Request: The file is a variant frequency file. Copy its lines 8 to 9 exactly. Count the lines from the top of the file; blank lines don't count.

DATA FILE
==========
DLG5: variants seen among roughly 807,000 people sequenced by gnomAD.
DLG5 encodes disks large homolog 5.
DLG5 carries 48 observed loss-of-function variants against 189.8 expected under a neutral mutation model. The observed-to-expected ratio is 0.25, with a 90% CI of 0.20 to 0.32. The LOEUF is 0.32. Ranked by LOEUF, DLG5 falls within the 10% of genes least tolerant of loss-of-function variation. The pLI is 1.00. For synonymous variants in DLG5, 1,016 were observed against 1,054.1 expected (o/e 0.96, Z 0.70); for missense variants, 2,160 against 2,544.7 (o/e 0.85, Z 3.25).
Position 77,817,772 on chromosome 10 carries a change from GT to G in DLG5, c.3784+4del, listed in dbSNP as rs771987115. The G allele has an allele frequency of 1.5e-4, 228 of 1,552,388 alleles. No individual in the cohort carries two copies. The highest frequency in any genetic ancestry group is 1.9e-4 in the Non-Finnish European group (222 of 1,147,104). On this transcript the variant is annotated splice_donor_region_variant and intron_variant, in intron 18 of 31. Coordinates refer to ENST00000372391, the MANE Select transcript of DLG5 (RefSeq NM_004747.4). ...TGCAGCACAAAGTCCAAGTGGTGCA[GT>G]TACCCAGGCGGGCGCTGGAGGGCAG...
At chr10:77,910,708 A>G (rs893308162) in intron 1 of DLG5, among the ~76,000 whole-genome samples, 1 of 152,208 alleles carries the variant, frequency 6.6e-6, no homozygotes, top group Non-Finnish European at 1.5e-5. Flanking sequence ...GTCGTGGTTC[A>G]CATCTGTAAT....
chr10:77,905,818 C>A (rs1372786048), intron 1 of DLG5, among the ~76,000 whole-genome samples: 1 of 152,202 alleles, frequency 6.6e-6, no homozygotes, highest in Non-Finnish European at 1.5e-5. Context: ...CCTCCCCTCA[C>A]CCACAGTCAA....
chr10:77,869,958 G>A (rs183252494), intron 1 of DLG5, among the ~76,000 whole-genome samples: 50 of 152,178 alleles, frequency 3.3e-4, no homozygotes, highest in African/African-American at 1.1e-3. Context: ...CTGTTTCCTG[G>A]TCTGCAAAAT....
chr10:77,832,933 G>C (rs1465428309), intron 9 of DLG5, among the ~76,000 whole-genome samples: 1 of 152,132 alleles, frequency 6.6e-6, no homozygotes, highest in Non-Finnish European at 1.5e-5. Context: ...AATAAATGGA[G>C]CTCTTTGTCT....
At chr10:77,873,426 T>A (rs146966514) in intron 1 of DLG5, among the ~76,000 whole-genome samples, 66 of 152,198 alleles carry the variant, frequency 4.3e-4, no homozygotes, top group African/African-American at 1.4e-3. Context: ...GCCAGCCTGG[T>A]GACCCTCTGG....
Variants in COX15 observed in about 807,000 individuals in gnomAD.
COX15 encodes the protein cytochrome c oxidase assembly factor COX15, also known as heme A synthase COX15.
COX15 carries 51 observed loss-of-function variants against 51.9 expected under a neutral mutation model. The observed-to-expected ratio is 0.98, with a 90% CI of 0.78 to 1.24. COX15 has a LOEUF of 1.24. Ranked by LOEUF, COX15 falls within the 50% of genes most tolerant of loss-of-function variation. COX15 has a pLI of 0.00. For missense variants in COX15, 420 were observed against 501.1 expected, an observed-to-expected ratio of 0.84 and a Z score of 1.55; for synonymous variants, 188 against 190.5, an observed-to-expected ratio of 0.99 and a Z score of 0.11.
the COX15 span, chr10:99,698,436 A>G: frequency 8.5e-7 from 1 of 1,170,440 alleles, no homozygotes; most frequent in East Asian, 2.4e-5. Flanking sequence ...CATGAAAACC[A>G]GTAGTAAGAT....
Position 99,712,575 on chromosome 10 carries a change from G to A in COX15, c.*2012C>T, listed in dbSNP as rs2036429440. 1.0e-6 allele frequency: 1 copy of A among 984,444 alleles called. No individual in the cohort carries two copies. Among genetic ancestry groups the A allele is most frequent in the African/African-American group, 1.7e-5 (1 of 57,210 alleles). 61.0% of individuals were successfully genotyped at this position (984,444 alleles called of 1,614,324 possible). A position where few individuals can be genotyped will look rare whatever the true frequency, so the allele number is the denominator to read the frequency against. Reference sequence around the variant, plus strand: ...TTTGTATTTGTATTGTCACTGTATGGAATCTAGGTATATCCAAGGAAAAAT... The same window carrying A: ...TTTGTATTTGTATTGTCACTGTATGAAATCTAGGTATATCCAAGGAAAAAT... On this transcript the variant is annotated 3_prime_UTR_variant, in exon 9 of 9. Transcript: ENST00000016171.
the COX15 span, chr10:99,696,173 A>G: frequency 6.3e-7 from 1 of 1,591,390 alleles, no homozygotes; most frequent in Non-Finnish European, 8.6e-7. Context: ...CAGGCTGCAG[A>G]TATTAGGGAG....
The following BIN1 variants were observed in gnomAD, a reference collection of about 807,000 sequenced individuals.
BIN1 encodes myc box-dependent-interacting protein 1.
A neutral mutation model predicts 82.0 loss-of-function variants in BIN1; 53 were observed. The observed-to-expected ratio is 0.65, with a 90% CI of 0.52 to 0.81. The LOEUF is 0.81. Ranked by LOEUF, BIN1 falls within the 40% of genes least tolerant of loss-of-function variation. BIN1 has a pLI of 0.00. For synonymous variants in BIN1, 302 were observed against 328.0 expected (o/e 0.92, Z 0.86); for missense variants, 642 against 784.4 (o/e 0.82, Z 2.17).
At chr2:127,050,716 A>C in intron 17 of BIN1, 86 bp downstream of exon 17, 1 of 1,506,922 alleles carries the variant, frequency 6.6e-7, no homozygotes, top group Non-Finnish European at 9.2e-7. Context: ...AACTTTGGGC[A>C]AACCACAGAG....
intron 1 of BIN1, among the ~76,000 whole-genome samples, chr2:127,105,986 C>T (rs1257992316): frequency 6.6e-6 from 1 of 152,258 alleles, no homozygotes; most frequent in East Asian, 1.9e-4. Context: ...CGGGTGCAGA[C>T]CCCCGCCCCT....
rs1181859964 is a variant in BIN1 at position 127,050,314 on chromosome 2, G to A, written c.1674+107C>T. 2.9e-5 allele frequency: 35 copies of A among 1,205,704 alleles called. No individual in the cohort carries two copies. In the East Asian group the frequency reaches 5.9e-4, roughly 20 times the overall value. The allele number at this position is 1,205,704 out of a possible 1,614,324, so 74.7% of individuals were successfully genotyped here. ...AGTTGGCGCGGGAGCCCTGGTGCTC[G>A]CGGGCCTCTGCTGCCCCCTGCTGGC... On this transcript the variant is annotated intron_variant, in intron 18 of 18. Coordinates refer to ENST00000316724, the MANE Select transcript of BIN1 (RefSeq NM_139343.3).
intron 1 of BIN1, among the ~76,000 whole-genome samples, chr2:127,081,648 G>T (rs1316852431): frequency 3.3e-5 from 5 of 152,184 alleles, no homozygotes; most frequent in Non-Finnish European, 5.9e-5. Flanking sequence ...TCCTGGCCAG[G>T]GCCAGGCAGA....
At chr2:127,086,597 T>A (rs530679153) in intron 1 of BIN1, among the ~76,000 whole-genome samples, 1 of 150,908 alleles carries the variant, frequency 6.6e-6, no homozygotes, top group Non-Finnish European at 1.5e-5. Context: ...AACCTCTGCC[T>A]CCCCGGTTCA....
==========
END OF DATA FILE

chr10:77,832,933 G>C (rs1465428309), intron 9 of DLG5, among the ~76,000 whole-genome samples: 1 of 152,132 alleles, frequency 6.6e-6, no homozygotes, highest in Non-Finnish European at 1.5e-5. Context: ...AATAAATGGA[G>C]CTCTTTGTCT....
At chr10:77,873,426 T>A (rs146966514) in intron 1 of DLG5, among the ~76,000 whole-genome samples, 66 of 152,198 alleles carry the variant, frequency 4.3e-4, no homozygotes, top group African/African-American at 1.4e-3. Context: ...GCCAGCCTGG[T>A]GACCCTCTGG....